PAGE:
When one of our employees (who will remain unnamed to protect her now “bike expert” reputation 😲 ) used to get flat tires when she first got into cycling, she admitted to us her best approach. “I just stood on the side of the road while sporting my best ‘damsel in distress’ look.” Luckily for her, she didn’t have to wait long until the next guy who came riding along would inevitably stop and fix it for her.
But once she moved to a more rural town, although there was no shortage of chivalrous men, their proximity to her flat tire was an issue. And out of a strong aversion to walking her bike, she quickly decided to take matters into her own hands – literally!
Now that she is an expert tire-changer (in fact, we timed her at 1min32sec), we asked her to share her technique with the rest of us so that we too can avoid taking our bikes for that stroll of shame:
Remove the wheel, but first…
- Make sure the brake is not in the way of removing the wheel. This may require first having to open, disconnect or simply be careful with the brake. If using hydraulic brakes, be sure to NOT squeeze on the brake lever when the wheel is out.
- If it's the rear wheel, shift chain into smallest cog.
- Loosen the skewer by pulling on the lever or remove it completely if it's a thru-axle style.
- For bikes with rear derailleur, pull it back while pushing wheel down and forward.
Once the wheel is removed, take out the damaged inner tube
- Deflate the tube completely if not already fully deflated. If it’s a Schrader valve, use your fingernail. If it's a Presta valve, twist the tip counterclockwise and push down on it.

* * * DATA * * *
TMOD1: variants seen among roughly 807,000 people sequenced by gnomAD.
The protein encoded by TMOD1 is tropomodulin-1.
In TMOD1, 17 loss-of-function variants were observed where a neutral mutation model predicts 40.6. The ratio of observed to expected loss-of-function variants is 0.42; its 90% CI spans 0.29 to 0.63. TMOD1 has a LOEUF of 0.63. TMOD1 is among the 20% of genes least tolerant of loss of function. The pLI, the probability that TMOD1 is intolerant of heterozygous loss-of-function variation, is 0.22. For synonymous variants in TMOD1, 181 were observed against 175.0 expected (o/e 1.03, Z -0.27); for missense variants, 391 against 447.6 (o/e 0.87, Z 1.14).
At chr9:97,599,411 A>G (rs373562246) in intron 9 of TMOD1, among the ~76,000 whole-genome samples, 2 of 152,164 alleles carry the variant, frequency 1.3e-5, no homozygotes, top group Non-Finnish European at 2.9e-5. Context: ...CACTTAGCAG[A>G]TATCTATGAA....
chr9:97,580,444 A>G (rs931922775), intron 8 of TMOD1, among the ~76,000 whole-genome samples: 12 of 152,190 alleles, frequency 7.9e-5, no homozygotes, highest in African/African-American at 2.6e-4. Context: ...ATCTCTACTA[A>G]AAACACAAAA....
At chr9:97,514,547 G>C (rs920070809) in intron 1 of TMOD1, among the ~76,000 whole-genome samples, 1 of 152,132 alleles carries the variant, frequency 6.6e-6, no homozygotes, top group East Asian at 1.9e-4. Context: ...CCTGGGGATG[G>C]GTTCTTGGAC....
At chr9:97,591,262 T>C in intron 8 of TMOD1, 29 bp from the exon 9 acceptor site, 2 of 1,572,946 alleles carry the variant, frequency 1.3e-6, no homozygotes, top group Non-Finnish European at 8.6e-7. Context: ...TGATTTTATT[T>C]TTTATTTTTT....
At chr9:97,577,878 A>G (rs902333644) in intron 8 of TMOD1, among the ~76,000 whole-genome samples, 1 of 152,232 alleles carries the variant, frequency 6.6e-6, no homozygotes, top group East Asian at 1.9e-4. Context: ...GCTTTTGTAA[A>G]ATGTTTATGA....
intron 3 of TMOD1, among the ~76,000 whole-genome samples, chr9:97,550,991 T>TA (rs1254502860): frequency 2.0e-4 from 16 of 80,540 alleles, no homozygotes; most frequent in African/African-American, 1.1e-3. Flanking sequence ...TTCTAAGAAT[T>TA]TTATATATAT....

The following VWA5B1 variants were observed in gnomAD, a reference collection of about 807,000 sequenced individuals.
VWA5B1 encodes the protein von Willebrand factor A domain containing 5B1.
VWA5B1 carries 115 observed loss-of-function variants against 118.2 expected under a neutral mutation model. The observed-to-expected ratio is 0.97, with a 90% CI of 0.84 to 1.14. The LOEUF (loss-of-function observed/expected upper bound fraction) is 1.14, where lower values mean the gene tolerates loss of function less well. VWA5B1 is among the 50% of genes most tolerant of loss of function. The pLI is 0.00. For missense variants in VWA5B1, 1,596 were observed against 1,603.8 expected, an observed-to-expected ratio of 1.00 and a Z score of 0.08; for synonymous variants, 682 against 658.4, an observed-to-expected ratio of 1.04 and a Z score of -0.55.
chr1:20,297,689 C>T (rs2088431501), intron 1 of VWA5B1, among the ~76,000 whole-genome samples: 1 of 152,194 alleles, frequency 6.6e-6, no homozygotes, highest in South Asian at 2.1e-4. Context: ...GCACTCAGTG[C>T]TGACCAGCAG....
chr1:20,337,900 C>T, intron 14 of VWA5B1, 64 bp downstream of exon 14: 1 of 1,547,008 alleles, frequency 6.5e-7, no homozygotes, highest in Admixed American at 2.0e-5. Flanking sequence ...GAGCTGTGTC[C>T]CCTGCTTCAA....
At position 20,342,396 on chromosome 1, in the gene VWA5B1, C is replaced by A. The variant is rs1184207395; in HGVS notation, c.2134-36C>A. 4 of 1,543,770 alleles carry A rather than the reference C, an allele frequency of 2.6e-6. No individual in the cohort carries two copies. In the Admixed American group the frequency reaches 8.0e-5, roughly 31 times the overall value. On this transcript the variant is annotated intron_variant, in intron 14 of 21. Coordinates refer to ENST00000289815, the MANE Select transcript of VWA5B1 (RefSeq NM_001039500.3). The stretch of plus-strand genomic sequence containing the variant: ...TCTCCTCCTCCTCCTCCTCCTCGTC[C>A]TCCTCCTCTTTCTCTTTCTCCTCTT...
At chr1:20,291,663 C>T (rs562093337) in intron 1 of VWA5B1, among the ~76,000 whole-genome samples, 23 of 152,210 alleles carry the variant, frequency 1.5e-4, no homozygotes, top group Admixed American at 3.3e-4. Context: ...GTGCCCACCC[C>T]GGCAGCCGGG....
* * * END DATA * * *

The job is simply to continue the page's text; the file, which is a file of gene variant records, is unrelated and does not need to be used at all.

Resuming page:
- Slide a tire lever under the edge of the tire - farthest from the valve. Pull the lever down to lift the sidewall of the tire over the rim edge. Hold the lever in place, either manually or hook its other end to a spoke. Slide the second lever about 3 to 4 inches from the first and pull down.
- Repeat this process until you get a section of tire over the rim. Run one of the levers under the sidewall until the whole side of the tire is over the rim.
- Lastly, remove the tube.
Check for anything that can re-flat your new tube
Check the tire for buried treasures. Carefully run your fingers on the inside of the tire, feeling for anything such as glass, nails or splinters that could be lodged in the casing.
Check the rim strip. Make sure all spoke holes are fully covered. If not, adjust rim strip or cover with electrical tape. A dollar bill or energy bar wrapper will work in a pinch.
Install the new tube
- Inflate tube slightly and install it starting from the valve stem. Tuck tube neatly into the tire, then adjust tire so that is centered over rim – but still with the one side not yet reattached.
Time to reattach the tire
- Stand the wheel up, with valve side up. Start at the opposite end from the valve stem and run your hands down the sides of the tire to tuck it into the rim. You’ll end up with a gap of a few inches at the end, opposite the valve, that requires a bit more elbow grease to tuck in.